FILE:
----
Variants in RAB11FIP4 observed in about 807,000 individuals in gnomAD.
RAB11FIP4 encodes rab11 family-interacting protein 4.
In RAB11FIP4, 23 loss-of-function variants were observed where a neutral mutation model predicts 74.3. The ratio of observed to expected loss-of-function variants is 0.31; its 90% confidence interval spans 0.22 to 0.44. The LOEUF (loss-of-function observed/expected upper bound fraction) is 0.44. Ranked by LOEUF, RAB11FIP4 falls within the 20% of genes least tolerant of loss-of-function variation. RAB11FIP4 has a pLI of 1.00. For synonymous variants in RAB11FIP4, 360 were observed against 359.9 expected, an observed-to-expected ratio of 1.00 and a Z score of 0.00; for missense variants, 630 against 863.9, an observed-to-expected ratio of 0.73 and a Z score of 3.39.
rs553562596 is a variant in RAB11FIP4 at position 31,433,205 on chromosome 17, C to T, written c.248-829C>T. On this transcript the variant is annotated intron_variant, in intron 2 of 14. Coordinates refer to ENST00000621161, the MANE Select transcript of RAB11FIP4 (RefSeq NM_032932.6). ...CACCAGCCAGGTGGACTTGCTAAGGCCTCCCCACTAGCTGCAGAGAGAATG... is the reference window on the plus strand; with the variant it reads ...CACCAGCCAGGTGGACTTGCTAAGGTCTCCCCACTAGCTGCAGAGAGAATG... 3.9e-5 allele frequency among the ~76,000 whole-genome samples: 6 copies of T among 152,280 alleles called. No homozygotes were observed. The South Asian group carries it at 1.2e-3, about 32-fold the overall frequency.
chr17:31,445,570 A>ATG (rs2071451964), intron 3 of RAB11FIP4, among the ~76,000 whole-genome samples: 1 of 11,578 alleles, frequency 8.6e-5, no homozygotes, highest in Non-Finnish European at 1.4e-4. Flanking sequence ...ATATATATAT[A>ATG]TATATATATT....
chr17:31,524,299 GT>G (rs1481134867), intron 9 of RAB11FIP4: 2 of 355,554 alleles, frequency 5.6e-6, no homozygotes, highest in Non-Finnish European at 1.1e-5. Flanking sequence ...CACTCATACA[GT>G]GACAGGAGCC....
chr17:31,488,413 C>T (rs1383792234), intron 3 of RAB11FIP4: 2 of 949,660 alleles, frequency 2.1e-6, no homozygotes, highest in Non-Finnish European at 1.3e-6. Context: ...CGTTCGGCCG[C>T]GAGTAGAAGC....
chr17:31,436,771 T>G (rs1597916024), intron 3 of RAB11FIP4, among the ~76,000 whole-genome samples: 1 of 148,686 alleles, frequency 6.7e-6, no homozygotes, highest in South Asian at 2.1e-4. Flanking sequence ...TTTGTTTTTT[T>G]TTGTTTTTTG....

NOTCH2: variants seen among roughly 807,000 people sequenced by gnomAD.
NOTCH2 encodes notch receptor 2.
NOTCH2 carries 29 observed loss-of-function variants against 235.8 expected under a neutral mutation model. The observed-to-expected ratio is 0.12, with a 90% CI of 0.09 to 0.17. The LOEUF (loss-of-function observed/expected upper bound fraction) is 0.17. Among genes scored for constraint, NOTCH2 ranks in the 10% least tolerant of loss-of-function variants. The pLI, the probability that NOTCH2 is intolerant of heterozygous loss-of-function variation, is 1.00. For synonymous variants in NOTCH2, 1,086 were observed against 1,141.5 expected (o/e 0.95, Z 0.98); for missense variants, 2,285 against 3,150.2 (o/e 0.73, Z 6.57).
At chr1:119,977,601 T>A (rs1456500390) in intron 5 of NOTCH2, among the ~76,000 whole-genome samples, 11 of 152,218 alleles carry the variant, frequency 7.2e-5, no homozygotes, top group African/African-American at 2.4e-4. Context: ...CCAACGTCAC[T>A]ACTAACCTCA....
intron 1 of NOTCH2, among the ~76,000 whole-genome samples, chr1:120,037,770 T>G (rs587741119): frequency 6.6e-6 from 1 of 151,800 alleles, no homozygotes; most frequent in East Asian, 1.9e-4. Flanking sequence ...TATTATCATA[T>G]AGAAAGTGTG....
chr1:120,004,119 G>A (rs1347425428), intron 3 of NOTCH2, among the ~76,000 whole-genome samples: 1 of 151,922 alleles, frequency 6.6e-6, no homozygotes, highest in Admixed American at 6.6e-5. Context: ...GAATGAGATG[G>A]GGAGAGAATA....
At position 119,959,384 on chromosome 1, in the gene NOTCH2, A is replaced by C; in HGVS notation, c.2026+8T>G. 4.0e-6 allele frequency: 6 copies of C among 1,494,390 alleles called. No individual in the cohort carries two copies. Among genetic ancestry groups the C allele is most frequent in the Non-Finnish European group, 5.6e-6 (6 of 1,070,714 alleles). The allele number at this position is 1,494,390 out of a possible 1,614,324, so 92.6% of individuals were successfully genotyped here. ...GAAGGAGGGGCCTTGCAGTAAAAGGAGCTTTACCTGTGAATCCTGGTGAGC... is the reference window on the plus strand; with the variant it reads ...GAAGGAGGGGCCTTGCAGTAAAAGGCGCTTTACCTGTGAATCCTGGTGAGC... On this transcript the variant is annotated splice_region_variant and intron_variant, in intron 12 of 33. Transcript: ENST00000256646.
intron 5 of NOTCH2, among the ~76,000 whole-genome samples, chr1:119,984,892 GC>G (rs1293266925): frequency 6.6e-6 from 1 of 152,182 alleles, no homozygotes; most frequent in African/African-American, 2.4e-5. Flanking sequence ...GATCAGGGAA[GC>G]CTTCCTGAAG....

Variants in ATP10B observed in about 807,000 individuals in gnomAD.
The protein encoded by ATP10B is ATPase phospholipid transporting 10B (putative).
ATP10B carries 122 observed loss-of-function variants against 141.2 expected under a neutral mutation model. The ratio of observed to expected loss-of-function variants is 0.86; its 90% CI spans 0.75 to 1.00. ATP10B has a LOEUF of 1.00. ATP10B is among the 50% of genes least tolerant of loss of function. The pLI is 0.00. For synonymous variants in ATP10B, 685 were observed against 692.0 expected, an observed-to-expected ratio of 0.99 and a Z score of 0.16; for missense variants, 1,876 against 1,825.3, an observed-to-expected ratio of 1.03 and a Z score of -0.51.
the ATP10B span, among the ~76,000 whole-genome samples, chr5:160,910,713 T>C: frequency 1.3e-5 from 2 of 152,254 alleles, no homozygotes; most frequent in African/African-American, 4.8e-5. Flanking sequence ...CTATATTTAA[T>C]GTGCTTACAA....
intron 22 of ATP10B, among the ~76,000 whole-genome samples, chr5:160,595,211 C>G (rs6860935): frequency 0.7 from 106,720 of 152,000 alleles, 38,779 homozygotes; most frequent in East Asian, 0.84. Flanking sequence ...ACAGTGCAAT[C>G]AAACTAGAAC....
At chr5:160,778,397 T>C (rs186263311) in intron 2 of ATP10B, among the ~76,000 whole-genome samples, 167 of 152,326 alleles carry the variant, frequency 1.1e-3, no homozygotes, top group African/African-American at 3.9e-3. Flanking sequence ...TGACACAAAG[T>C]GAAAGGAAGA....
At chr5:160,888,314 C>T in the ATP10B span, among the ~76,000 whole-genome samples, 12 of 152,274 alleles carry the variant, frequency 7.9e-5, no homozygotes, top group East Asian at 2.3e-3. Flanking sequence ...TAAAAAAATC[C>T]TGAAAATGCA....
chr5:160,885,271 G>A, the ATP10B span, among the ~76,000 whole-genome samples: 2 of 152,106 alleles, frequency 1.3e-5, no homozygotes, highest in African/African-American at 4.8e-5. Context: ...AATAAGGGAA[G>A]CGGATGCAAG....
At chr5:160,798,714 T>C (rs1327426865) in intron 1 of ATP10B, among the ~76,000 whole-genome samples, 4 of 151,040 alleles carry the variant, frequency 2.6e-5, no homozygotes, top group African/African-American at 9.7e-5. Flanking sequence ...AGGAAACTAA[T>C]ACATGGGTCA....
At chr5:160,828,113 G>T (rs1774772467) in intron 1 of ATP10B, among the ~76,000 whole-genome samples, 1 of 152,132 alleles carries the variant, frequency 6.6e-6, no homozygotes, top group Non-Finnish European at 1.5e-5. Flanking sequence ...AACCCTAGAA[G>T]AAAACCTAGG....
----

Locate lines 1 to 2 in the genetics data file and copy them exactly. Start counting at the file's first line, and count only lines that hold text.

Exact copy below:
Variants in RAB11FIP4 observed in about 807,000 individuals in gnomAD.
RAB11FIP4 encodes rab11 family-interacting protein 4.